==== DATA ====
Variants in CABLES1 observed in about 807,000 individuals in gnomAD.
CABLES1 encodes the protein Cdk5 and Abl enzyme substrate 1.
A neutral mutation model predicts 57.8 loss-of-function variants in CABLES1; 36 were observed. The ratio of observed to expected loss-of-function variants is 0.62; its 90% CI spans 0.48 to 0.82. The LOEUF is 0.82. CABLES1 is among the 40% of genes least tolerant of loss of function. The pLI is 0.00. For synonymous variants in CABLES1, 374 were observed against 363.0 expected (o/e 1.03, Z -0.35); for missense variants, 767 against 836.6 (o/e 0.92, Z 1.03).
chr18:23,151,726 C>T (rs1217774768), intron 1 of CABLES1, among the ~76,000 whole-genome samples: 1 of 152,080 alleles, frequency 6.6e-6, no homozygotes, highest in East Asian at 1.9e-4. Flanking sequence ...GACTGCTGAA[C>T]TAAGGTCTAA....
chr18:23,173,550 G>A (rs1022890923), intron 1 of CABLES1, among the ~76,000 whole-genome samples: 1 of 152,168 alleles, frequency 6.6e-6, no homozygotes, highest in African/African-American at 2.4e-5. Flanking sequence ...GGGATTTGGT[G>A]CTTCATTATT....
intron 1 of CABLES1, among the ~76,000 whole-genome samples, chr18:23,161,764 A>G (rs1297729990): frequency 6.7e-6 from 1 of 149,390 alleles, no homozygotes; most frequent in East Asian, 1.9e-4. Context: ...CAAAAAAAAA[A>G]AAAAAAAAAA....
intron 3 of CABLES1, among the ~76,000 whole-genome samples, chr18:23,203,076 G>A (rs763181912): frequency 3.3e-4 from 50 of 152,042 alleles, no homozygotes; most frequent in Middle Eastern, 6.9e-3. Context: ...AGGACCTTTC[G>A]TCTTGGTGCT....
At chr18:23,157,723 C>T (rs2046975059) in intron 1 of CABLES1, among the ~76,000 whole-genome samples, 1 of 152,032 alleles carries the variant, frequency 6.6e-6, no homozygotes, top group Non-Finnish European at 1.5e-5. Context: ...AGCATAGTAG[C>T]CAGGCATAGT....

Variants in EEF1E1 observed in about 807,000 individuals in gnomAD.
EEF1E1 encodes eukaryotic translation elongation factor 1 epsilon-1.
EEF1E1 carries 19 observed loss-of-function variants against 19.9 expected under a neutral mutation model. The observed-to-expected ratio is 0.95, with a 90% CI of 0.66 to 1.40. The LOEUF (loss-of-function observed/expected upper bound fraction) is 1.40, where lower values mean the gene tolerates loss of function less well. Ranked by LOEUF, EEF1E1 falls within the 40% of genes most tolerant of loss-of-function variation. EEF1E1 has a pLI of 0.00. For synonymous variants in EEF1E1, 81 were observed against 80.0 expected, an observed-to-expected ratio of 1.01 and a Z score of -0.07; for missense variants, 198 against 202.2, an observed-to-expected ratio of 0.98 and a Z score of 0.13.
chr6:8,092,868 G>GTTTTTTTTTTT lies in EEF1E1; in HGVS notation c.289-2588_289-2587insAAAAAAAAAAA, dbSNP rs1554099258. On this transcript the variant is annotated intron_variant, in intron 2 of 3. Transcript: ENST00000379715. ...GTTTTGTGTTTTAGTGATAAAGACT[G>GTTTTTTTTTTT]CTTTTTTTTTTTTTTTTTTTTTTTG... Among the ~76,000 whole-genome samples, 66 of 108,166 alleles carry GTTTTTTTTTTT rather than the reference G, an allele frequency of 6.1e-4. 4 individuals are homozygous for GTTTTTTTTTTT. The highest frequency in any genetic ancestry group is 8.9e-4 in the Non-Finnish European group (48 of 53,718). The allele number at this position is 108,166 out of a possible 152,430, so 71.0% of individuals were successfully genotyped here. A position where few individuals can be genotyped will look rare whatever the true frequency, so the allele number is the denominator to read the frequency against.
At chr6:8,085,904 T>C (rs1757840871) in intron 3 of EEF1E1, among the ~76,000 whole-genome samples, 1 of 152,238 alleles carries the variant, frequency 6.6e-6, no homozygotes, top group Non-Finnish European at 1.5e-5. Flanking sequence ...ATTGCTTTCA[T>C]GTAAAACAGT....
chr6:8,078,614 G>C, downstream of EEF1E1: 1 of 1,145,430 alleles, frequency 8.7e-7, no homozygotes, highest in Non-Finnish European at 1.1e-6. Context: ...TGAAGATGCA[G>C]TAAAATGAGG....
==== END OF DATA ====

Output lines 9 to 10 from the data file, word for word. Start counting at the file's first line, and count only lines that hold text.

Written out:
Variants in EEF1E1 observed in about 807,000 individuals in gnomAD.
EEF1E1 encodes eukaryotic translation elongation factor 1 epsilon-1.